Politics has always been a boon for Saturday Night Live. Its 42nd season, which aired over the 2016 election and Trump’s early months in office, revitalized the show’s ratings as usual. But unlike 2008, a moment that helped magnify SNL’s already impressive ensemble (including Kristen Wiig, Andy Samberg, Poehler, and Meyers), 2016 instead highlighted the show’s deficiencies. Saturday Night Live relied too heavily on celebrity guests and drop-ins from alumni, was confused on just how forcefully it should criticize Trump (though it eventually settled into a fairly harsh tone on that front), and clearly lacked the kinds of popular recurring characters that form the backbone of the show.
So far, Weekend Update: Summer Edition hasn’t done much to change that perception. In the first episode, Hader dropped by to play Anthony Scaramucci in a sketch that was pre-taped in Los Angeles, a trick the show employed a few times last year to work around the busy schedule of Melissa McCarthy (who played Sean Spicer to great effect). Hader was his typical amusing self as “the Mooch,” but there’s often an airless quality to those pre-taped bits (it’s called Saturday Night Live for a reason), and this time was no different.
On the next episode, the former Weekend Update hosts Fallon and Meyers performed a double act as George Washington and Thomas Jefferson, a cute hat-tip to their status as SNL’s wizened ancestors. Then Fey stopped by for a much remarked-upon monologue on the Charlottesville protests, speaking as an alumna of the University of Virginia. Through it all, Jost and Che provide the usual one-liners and chummy repartee, but the whole endeavor feels like a desperate attempt to stay in the conversation and keep up with the nonstop political news.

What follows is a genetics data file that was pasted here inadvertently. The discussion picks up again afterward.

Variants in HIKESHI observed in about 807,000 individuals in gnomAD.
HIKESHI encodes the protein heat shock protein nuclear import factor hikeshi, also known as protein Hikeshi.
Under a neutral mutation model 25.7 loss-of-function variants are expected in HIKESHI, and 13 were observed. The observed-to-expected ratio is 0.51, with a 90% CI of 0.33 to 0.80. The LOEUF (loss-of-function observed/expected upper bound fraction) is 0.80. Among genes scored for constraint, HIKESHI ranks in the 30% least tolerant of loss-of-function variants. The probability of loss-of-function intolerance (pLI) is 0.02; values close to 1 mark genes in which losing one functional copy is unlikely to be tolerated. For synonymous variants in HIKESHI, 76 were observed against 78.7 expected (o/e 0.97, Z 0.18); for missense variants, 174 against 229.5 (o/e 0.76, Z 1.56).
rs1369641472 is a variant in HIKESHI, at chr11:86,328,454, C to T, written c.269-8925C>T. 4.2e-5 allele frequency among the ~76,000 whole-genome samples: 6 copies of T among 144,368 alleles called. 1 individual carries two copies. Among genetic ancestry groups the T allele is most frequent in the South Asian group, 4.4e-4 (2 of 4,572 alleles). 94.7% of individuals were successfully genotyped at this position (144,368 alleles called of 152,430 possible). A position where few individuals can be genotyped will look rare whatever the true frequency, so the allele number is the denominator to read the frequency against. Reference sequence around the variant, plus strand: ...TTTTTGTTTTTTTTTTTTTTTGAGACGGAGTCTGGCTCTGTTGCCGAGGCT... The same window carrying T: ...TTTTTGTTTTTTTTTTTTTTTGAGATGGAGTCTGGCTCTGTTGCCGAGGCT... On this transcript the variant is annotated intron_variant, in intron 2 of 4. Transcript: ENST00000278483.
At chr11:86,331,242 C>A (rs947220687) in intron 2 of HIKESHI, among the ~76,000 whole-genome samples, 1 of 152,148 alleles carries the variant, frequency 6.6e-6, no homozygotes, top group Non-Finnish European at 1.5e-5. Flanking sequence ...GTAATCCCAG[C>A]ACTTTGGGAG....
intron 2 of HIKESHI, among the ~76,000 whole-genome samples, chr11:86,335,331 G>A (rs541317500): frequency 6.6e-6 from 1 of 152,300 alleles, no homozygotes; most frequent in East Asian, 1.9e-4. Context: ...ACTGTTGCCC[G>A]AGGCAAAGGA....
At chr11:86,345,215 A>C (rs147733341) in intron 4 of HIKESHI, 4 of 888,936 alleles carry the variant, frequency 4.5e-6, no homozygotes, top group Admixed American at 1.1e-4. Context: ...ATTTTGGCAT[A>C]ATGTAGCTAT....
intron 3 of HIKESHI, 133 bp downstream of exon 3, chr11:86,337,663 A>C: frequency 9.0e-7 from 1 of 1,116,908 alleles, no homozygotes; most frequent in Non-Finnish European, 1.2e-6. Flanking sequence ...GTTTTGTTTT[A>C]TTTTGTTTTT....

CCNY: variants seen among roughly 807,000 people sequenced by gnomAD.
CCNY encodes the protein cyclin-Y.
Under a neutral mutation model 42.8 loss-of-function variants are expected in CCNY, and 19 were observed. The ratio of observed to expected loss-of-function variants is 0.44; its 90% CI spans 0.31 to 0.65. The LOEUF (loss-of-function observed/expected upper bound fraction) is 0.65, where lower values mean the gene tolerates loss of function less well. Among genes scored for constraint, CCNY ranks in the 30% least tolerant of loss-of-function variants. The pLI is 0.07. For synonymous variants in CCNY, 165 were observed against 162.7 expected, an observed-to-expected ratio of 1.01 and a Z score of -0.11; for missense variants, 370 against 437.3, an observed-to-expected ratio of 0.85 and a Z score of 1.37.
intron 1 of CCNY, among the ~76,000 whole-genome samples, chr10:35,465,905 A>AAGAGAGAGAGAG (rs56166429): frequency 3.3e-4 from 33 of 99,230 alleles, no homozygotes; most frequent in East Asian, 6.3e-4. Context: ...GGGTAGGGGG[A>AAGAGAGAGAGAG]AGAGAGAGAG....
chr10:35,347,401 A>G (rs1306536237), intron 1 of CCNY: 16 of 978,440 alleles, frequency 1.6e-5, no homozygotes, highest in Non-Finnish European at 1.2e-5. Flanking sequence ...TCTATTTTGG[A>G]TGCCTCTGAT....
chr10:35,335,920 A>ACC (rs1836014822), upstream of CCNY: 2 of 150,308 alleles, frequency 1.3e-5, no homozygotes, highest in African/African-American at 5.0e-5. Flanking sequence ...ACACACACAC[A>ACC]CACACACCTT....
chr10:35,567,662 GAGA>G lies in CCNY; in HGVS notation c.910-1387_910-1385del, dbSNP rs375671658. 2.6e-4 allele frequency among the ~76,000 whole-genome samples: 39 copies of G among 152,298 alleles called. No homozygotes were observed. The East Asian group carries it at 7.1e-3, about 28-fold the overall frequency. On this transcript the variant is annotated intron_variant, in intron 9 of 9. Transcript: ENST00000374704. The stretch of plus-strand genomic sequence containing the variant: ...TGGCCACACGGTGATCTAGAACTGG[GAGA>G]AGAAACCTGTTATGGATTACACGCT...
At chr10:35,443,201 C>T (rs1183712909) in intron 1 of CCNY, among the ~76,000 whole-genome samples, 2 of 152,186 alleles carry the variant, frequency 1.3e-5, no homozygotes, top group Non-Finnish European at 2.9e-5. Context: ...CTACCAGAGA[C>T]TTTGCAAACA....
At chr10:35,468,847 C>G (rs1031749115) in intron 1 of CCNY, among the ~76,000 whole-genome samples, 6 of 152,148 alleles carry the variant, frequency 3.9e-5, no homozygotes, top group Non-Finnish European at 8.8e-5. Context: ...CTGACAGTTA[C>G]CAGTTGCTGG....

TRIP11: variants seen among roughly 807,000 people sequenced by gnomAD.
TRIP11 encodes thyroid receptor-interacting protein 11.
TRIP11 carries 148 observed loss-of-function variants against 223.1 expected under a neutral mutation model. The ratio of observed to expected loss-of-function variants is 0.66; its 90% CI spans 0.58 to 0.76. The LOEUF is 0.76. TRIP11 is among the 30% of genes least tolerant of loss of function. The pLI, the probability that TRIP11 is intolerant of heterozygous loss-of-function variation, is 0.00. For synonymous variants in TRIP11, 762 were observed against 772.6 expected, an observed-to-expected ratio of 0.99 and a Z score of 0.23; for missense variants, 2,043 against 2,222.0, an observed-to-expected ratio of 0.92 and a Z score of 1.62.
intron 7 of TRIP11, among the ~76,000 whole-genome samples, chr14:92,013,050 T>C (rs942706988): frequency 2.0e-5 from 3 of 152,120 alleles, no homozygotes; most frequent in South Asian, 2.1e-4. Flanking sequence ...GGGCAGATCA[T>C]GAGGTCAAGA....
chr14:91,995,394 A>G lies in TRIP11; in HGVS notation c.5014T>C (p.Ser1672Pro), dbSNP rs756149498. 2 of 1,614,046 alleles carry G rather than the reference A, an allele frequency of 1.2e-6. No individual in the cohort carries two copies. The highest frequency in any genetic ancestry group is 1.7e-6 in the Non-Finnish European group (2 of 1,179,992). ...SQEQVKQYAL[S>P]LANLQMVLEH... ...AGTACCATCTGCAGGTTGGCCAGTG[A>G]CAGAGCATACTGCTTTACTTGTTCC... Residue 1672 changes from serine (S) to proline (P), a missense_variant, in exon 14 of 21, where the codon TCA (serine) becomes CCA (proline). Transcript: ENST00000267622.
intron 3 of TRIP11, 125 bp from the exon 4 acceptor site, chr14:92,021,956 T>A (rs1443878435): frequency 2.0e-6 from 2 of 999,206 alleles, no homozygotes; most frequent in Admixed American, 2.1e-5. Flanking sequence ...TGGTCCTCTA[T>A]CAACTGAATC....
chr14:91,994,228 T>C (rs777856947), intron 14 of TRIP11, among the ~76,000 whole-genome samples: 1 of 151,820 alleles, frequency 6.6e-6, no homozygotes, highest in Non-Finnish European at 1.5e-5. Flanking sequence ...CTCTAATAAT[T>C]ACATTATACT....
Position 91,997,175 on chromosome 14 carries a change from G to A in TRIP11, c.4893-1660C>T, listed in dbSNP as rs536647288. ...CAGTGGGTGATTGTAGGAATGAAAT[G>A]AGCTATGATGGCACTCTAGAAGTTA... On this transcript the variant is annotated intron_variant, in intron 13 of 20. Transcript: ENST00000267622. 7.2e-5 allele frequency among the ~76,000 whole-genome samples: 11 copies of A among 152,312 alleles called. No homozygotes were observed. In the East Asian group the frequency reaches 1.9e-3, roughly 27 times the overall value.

This is not to say Saturday Night Live is fading away; it was still one of the highest-rated, and most-discussed, shows of the 2016 season and remains hugely popular in the all-important advertiser “demo” (people aged 18-49). But the program is at a crossroads as it looks ahead to a year in comedy that promises to be just as politically charged as the last. Does it double down on the short-term play it made last season—lots of guest stars taking on lots of topical figures—or start to hand roles back to its actual ensemble, in the hopes of building them up with audiences?
Remember that some of SNL’s biggest recent stars have been Alec Baldwin (who plays Trump), Larry David (whose Bernie Sanders impression was highly touted), and McCarthy. Kate McKinnon, who played Hillary Clinton on the show, as well as Kellyanne Conway, Jeff Sessions, and many others, is entering her seventh SNL season, so it may not be long before she leaves to pursue a movie career full-time. Behind her, the bench is weak.
Aside from Kenan Thompson (a brilliant member of SNL’s firmament), the cast consists of solid ensemble players like Aidy Bryant, Cecily Strong, and Beck Bennett, none of whom has ever quite broken out in the way McKinnon has. Leslie Jones is the closest thing SNL has to a successor to McKinnon, but she might be a better fit for the Update desk (which has long been the provenance of stand-up comedians like herself). The rest of the returning cast is Pete Davidson, Kyle Mooney, Mikey Day, Alex Moffat, and Melissa Villaseñor, with Bobby Moynihan, Vanessa Bayer, and Sasheer Zamata all having left in the off-season.